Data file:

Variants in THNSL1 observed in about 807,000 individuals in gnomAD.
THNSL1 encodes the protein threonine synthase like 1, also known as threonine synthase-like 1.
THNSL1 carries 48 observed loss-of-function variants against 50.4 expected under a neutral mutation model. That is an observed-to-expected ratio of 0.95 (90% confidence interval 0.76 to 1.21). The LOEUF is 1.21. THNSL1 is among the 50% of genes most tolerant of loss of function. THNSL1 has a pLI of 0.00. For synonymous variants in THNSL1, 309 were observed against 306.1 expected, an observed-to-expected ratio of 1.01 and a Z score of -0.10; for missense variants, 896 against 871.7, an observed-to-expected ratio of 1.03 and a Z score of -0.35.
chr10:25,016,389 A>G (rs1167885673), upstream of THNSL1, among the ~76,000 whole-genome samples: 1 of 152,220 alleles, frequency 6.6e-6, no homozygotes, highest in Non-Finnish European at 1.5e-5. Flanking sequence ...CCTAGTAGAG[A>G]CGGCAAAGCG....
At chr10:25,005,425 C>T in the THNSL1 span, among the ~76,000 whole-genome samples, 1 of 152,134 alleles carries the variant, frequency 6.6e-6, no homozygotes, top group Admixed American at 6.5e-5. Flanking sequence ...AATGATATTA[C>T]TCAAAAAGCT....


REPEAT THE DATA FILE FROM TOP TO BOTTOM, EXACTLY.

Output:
Variants in THNSL1 observed in about 807,000 individuals in gnomAD.
THNSL1 encodes the protein threonine synthase like 1, also known as threonine synthase-like 1.
THNSL1 carries 48 observed loss-of-function variants against 50.4 expected under a neutral mutation model. That is an observed-to-expected ratio of 0.95 (90% confidence interval 0.76 to 1.21). The LOEUF is 1.21. THNSL1 is among the 50% of genes most tolerant of loss of function. THNSL1 has a pLI of 0.00. For synonymous variants in THNSL1, 309 were observed against 306.1 expected, an observed-to-expected ratio of 1.01 and a Z score of -0.10; for missense variants, 896 against 871.7, an observed-to-expected ratio of 1.03 and a Z score of -0.35.
chr10:25,016,389 A>G (rs1167885673), upstream of THNSL1, among the ~76,000 whole-genome samples: 1 of 152,220 alleles, frequency 6.6e-6, no homozygotes, highest in Non-Finnish European at 1.5e-5. Flanking sequence ...CCTAGTAGAG[A>G]CGGCAAAGCG....
At chr10:25,005,425 C>T in the THNSL1 span, among the ~76,000 whole-genome samples, 1 of 152,134 alleles carries the variant, frequency 6.6e-6, no homozygotes, top group Admixed American at 6.5e-5. Flanking sequence ...AATGATATTA[C>T]TCAAAAAGCT....